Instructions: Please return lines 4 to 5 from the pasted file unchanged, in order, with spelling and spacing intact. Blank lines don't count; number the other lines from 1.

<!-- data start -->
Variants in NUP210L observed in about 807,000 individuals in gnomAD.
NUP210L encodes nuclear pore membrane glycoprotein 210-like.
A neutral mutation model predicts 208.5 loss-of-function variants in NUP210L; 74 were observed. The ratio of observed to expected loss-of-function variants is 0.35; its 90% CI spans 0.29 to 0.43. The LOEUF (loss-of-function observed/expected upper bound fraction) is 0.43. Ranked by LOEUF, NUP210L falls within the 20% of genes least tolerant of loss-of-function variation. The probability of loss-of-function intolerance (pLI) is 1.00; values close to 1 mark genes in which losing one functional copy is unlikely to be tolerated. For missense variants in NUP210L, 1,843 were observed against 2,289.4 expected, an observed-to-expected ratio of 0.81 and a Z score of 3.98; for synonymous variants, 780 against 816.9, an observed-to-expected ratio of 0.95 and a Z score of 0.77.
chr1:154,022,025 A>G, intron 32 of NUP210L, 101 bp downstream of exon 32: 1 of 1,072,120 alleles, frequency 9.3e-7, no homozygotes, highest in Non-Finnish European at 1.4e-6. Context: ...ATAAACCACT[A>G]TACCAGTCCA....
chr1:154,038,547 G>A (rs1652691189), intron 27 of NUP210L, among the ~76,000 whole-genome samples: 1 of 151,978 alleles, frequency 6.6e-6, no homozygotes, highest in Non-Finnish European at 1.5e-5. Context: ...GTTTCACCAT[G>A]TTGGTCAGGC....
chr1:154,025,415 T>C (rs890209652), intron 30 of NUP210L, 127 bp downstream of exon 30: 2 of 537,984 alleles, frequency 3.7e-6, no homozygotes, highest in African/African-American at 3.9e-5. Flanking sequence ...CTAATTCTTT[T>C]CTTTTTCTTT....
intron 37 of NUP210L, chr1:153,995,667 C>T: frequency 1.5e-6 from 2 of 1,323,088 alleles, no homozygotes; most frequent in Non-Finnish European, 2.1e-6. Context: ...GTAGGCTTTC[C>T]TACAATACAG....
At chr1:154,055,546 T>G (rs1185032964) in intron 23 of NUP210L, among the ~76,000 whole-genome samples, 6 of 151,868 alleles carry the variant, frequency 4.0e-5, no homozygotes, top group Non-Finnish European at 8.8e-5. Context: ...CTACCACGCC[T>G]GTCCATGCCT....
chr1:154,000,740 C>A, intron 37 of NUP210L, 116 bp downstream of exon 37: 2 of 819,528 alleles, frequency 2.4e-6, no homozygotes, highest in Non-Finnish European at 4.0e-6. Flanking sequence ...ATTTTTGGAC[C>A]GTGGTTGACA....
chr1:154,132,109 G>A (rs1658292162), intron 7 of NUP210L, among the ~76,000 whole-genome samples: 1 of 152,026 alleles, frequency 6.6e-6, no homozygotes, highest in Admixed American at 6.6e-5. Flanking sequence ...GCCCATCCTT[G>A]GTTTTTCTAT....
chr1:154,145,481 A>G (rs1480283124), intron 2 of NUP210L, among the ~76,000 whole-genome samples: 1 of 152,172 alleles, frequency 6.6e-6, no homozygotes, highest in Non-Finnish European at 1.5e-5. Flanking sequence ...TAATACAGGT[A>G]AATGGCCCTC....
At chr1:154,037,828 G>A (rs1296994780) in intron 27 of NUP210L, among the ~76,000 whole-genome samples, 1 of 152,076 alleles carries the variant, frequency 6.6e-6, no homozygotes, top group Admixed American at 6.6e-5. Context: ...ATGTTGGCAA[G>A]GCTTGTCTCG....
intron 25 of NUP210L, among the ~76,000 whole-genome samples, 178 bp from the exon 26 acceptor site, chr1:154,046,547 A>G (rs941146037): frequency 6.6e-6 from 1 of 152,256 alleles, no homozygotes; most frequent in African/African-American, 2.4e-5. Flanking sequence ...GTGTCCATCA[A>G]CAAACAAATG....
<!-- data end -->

chr1:154,022,025 A>G, intron 32 of NUP210L, 101 bp downstream of exon 32: 1 of 1,072,120 alleles, frequency 9.3e-7, no homozygotes, highest in Non-Finnish European at 1.4e-6. Context: ...ATAAACCACT[A>G]TACCAGTCCA....
chr1:154,038,547 G>A (rs1652691189), intron 27 of NUP210L, among the ~76,000 whole-genome samples: 1 of 151,978 alleles, frequency 6.6e-6, no homozygotes, highest in Non-Finnish European at 1.5e-5. Context: ...GTTTCACCAT[G>A]TTGGTCAGGC....